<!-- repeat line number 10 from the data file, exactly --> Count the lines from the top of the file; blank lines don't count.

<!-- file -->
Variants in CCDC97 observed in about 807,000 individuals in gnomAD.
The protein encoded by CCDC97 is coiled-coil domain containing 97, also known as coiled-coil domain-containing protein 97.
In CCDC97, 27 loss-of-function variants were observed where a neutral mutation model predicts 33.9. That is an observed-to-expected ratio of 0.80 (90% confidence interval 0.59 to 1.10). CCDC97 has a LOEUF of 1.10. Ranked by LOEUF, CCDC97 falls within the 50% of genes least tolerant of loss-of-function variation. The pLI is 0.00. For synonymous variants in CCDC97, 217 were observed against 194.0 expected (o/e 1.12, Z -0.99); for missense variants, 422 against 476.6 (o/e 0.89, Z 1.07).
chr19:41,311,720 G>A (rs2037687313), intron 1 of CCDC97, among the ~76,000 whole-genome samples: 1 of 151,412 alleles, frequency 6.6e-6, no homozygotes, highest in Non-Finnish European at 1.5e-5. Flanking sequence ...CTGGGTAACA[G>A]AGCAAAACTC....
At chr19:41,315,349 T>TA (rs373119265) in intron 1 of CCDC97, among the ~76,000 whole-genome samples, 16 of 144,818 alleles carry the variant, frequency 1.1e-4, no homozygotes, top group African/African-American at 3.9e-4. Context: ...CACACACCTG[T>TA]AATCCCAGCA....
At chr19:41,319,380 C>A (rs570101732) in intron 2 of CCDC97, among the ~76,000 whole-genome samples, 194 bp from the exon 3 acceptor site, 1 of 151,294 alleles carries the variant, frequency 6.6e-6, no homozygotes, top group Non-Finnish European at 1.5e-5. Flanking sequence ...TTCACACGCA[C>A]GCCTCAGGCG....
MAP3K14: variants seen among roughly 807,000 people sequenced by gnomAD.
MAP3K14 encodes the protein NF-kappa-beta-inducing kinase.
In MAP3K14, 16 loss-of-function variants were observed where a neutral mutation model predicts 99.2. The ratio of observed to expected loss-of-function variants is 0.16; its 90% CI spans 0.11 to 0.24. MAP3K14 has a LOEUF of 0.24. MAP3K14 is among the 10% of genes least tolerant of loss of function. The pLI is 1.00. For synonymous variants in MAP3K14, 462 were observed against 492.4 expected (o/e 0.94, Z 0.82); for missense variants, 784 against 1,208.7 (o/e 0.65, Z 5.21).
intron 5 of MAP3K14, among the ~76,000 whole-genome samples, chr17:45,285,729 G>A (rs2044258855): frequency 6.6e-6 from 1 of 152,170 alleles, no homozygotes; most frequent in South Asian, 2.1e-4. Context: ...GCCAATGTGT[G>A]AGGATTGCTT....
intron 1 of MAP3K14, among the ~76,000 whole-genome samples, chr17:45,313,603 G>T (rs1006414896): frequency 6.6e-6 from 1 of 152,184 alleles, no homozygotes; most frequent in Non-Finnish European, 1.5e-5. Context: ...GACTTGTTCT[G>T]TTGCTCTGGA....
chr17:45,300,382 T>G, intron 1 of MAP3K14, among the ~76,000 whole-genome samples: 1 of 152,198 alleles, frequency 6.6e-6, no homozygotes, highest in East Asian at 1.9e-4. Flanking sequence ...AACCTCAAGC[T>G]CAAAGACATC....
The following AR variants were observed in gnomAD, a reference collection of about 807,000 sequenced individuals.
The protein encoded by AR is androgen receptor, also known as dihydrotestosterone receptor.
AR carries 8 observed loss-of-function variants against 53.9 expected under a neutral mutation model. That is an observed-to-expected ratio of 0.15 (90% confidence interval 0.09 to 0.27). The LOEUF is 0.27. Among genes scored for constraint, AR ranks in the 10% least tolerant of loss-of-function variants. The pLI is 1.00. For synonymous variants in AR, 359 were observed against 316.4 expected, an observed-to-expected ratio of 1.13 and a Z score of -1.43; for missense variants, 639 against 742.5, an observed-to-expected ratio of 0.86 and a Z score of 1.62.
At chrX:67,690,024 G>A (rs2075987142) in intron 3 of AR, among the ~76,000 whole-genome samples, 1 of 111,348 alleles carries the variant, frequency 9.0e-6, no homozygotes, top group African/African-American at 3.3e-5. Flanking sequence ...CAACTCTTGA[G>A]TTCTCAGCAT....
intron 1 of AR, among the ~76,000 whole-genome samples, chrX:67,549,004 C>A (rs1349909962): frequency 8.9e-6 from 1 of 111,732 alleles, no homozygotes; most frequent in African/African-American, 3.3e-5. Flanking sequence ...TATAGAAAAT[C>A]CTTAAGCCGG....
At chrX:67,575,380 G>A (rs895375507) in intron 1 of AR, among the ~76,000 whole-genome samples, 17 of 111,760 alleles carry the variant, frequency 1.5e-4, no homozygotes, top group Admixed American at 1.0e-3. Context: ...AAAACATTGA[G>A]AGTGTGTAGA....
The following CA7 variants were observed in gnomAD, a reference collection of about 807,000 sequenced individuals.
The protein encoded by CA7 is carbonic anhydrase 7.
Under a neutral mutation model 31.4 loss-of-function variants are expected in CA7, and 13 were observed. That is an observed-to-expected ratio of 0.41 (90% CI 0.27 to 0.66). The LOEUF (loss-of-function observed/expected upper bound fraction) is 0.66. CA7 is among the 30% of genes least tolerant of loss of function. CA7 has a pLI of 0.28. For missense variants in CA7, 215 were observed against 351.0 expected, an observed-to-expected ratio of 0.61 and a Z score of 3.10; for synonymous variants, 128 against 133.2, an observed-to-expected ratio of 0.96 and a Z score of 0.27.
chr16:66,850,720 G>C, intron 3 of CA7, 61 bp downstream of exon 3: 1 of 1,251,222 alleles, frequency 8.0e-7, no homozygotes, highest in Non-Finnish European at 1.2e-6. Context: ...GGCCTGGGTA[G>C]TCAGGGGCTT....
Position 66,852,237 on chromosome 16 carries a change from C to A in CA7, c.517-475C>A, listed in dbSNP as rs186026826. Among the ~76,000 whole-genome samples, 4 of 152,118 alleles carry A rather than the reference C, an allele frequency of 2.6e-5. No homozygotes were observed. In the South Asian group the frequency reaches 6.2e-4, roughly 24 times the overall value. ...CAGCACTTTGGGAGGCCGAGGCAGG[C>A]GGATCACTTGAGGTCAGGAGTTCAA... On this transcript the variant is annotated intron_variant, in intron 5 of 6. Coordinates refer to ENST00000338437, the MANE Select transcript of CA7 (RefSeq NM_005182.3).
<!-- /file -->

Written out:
intron 5 of MAP3K14, among the ~76,000 whole-genome samples, chr17:45,285,729 G>A (rs2044258855): frequency 6.6e-6 from 1 of 152,170 alleles, no homozygotes; most frequent in South Asian, 2.1e-4. Context: ...GCCAATGTGT[G>A]AGGATTGCTT....